#WildlifeWednesday – South Florida Museum Returns Rehabilitated Manatee to the Wild

Icecube returned to the wild Monday, March 6, after about 20 months of rehabilitation at the South Florida Museum. Icecube joined Snooty in the Museum’s Manatee Care Program in July 2015, along with Sarasolo who was released in February of this year. Icecube was rescued from Charlotte Harbour on January 21, 2015 suffering from cold stress. He weighed only 205 pounds at that time. When he arrived at the Museum after his initial treatment in the Lowry Park Zoo’s critical care hospital, he weighed 400 pounds and was 6 feet 11 inches long.

With assistance from the Florida Fish and Wildlife Conservation Commission and the Sea to Shore Alliance, they released Icecube — now weighing in at 815 pounds and measured about 8 feet 7 inches long — at Tampa Electric’s Manatee Viewing Center at the Big Bend Power Station in Apollo Beach, an area where other manatees are congregating to keep warm.

Since manatees are spread over thousands of miles during the summer, they typically release cold stress rehab animals during the winter months when the animals are grouped together in warmer water sites. Manatees typically start traveling when the water temperatures dip below about 68 degrees F. If they’re exposed to prolonged cold temperatures, as Icecube was, they start to lose body heat and cannot adequately digest their food. That can lead to a condition called cold stress, which can be fatal.

Before his release, Icecube was outfitted with a satellite-linked tag, which will allow us to follow his travels. In conjunction with the Manatee Rescue and Rehabilitation Partnership (MRP), he will be monitored by our partners at the Sea to Shore Alliance to ensure that he is thriving in the wild. Beginning in the next few days, you can check on Sarasolo and Icecube’s progress at ManateeRescue.org.

“Icecube seemed to take quickly to Snooty. He frequently followed Snooty around their pool – we liked to say Snooty was his mentor,” said Marilyn Margold, Director of Living Collections. “Upon Icecube’s release, he joined a group of approximately 40 manatees, so we have high hopes he will find another mentor in this group.”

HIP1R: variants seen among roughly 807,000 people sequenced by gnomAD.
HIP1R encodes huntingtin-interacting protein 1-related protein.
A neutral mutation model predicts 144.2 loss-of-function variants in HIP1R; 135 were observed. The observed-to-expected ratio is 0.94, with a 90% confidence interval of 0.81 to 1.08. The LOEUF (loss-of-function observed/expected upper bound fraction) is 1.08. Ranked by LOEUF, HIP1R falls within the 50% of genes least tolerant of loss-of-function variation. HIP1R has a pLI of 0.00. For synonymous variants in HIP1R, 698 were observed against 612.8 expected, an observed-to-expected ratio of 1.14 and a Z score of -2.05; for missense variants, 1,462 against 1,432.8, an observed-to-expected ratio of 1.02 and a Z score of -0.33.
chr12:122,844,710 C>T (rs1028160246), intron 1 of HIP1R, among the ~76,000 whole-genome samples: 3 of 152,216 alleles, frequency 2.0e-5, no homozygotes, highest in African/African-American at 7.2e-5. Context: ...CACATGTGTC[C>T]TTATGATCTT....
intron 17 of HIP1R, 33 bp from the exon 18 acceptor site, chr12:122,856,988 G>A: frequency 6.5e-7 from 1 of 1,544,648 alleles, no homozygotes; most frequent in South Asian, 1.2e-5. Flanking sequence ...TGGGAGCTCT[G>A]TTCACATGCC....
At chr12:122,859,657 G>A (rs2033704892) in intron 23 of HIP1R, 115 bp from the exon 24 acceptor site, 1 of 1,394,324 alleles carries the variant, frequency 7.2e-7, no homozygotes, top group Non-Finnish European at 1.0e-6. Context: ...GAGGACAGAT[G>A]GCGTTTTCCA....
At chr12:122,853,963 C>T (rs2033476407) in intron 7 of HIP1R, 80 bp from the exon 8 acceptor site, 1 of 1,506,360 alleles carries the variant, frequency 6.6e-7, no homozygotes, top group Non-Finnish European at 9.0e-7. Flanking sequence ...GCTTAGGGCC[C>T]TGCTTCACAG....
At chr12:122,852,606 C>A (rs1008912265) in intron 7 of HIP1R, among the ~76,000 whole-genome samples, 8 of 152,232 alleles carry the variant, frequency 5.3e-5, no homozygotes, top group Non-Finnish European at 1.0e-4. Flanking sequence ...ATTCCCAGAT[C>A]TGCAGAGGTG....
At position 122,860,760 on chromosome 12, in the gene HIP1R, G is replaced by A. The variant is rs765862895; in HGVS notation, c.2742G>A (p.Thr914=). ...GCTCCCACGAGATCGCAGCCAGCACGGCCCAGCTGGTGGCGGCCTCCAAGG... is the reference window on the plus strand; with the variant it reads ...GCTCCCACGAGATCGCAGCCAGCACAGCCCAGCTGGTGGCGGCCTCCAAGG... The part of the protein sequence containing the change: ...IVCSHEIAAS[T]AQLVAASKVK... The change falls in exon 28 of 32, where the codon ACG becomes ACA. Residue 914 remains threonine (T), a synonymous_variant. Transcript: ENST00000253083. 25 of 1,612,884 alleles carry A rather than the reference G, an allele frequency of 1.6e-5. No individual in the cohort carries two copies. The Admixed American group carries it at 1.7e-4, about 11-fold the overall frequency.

Thanks to everyone who has made a donation to help the South Florida Museum care for sick and injured manatees — you made it possible to return Icecube to the wild! The Museum has cared for 30 manatees undergoing rehabilitation, including Icecube.

 

Icecube promptly swam into the open water and joined a group of manatees nearby after being released into the Manatee Viewing area at TECO. He can be seen here with his nose out of the water – breathing at the surface – trailed by his satellite tag.
As the largest natural and cultural history museum on Florida’s Gulf Coast, the South Florida Museum offers engaging exhibits as well as educational programs that interpret the scientific and cultural knowledge of Florida, the world and our universe. In addition to permanent exhibits, the Museum features a constantly changing lineup of temporary exhibitions — offering something new to discover with each visit. The Museum includes the all-digital Bishop Planetarium Theater and the Parker Manatee Aquarium. Celebrating its 50th anniversary year, the Bishop Planetarium is the Gulf Coast’s premier astronomy education facility, outfitted with a state-of-the-art Planetarium and projection system with stunning multimedia capabilities. The Parker Manatee Aquarium is home to Snooty™, Manatee County’s official mascot and the oldest known manatee in the world, as certified by Guinness World Records. Snooty shares his Aquarium pool with other manatees that have been injured or orphaned and are being rehabilitated for return to the wild as part of the Manatee Rehabilitation and Release Partnership.

South Florida Museum hours: 
Tuesday through Saturday 10 a.m. – 5 p.m.
Sunday Noon -5 p.m.
Closed Mondays. 
Visit SouthFloridaMuseum.org for details or call 941.746.4131